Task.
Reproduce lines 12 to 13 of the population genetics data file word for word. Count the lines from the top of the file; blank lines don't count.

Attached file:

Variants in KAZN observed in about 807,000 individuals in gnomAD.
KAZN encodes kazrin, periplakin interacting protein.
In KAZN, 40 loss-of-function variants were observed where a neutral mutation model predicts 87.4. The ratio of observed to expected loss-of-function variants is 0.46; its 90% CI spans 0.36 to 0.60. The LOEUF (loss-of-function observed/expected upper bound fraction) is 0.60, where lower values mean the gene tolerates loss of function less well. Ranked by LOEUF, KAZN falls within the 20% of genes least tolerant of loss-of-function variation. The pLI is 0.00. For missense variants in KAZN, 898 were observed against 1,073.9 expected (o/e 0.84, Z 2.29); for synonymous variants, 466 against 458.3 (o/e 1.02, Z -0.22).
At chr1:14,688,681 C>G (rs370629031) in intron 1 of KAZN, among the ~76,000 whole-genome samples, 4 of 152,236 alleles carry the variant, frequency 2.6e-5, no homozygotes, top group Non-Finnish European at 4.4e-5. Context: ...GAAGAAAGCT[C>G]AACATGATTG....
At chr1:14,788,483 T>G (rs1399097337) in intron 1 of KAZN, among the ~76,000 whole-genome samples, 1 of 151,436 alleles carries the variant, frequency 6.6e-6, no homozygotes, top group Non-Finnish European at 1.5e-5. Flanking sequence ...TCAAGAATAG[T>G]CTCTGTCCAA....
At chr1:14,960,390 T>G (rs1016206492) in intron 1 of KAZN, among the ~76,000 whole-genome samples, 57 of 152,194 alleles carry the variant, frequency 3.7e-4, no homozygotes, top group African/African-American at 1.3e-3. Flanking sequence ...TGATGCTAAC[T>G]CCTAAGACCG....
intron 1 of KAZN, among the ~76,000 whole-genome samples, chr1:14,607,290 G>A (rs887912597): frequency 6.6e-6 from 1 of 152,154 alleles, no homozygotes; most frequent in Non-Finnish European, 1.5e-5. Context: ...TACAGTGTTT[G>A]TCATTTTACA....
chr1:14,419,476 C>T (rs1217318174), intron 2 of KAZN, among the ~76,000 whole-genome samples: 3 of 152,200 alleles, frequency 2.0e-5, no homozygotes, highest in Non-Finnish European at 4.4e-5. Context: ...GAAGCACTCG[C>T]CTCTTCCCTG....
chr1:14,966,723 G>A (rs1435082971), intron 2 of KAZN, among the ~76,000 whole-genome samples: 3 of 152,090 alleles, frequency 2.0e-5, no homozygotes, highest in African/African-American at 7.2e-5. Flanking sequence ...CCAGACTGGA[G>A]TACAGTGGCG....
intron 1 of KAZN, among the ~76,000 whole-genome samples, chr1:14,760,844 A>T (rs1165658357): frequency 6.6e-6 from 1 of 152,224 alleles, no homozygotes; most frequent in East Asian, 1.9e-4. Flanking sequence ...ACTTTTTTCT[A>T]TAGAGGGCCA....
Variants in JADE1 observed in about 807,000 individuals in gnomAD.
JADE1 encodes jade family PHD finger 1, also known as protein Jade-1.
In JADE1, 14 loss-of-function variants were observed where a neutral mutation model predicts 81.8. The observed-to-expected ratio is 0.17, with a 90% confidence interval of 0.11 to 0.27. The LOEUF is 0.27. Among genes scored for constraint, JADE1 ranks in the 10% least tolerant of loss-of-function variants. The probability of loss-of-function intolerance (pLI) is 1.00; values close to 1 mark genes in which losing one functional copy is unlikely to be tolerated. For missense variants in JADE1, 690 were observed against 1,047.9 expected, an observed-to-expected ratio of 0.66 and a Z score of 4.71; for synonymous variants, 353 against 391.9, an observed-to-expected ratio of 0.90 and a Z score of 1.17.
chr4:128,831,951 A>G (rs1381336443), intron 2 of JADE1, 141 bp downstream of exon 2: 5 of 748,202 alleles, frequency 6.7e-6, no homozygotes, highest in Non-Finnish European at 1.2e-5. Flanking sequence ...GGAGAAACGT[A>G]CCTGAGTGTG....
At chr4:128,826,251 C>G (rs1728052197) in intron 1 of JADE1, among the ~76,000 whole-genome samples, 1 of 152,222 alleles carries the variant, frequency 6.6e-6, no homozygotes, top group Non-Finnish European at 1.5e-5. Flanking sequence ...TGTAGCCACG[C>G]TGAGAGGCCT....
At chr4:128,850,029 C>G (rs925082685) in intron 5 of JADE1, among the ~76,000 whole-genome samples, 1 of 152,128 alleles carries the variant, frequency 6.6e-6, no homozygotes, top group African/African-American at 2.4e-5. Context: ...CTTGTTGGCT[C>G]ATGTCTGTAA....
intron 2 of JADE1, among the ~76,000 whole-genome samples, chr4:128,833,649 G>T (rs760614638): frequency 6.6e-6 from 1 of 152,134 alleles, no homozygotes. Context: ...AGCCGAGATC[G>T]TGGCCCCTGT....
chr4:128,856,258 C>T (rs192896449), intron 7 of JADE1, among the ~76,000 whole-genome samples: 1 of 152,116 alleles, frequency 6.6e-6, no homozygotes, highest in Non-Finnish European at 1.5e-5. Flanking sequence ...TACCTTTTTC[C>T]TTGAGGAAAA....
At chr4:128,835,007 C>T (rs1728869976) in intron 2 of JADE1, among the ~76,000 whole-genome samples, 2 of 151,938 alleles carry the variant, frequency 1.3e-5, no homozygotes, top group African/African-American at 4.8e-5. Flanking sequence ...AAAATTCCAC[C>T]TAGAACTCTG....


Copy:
JADE1 encodes jade family PHD finger 1, also known as protein Jade-1.
In JADE1, 14 loss-of-function variants were observed where a neutral mutation model predicts 81.8. The observed-to-expected ratio is 0.17, with a 90% confidence interval of 0.11 to 0.27. The LOEUF is 0.27. Among genes scored for constraint, JADE1 ranks in the 10% least tolerant of loss-of-function variants. The probability of loss-of-function intolerance (pLI) is 1.00; values close to 1 mark genes in which losing one functional copy is unlikely to be tolerated. For missense variants in JADE1, 690 were observed against 1,047.9 expected, an observed-to-expected ratio of 0.66 and a Z score of 4.71; for synonymous variants, 353 against 391.9, an observed-to-expected ratio of 0.90 and a Z score of 1.17.